The stoics are not alone in harnessing the power of negative visualization. Consider, for example, those individuals who say grace before a meal. Some presumably say it because they are simply in the habit of doing so. Others might say it because they fear that God will punish them if they don't. But understood properly, saying grace - and for that matter, offering any prayer of thanks - is a form of negative visualization. Before eating a meal, those saying grace pause for a moment to reflect on the fact that this food might not have been available to them, in which case they would have gone hungry. And even if the food were available, they might not have been able to share it with the people now at their dinner table. Said with these thoughts in mind, grace has the ability to transform and ordinary meal int a cause for celebration.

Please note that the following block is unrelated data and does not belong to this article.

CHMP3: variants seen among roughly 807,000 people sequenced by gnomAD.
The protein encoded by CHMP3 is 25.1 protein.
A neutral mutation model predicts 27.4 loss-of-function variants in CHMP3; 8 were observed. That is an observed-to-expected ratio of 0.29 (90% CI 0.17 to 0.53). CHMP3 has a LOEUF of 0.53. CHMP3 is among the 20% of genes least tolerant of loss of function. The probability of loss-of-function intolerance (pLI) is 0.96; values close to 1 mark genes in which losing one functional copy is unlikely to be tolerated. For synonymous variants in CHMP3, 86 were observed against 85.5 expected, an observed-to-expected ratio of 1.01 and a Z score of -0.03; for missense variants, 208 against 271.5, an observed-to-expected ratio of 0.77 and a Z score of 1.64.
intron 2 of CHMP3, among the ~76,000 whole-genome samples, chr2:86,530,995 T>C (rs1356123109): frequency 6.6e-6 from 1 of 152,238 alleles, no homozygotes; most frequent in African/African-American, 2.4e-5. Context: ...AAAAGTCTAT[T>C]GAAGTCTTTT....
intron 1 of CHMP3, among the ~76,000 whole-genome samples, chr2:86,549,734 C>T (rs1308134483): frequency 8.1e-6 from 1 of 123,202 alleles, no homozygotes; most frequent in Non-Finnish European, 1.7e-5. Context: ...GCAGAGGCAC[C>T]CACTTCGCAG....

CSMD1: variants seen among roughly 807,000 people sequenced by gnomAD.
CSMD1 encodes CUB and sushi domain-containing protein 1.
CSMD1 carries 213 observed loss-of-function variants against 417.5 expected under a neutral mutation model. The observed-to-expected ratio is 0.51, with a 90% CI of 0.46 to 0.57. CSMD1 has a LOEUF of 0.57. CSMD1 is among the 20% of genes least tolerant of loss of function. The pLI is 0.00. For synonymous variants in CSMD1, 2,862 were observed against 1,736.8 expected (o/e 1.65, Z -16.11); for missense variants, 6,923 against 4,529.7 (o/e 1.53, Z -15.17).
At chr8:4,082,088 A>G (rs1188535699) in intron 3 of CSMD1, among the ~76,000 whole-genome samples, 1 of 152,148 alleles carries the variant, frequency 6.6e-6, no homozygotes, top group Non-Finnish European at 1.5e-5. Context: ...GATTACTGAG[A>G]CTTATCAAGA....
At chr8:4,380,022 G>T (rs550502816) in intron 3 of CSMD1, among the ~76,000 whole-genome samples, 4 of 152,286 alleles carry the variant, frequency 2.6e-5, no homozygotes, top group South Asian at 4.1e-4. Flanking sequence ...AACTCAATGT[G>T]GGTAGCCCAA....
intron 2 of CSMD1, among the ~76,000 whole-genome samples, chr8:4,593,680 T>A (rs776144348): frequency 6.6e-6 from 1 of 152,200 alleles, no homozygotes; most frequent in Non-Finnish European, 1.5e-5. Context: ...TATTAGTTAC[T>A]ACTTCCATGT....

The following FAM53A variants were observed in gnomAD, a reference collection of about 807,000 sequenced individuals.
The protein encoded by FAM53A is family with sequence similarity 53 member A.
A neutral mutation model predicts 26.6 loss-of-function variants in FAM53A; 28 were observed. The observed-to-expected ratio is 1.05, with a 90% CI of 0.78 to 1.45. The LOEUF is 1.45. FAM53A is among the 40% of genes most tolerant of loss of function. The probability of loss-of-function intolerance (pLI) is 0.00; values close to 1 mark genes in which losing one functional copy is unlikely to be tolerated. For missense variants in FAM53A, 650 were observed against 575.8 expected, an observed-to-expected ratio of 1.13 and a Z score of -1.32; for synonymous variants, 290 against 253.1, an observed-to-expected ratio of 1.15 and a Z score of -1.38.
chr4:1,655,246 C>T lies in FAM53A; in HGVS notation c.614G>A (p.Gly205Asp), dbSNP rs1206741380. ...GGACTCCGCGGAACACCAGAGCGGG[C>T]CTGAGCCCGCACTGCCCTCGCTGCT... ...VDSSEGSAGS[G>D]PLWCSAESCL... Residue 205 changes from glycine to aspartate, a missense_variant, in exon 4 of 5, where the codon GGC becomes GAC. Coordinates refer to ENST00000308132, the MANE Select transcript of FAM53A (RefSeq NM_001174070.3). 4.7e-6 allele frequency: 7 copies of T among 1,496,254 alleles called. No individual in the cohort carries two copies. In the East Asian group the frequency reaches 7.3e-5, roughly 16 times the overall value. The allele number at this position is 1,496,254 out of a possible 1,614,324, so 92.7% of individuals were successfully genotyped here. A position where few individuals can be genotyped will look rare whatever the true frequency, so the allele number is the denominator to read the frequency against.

I just recently finished reading A Guide to the Good Life: The Ancient Art of Stoic Joy and no recent book has resonated quite as strongly with me. I enjoyed so many parts of this book that I didn't want to write a traditional review but instead wanted to share direct quotes that will explain much better than I what Stoicism is and is not.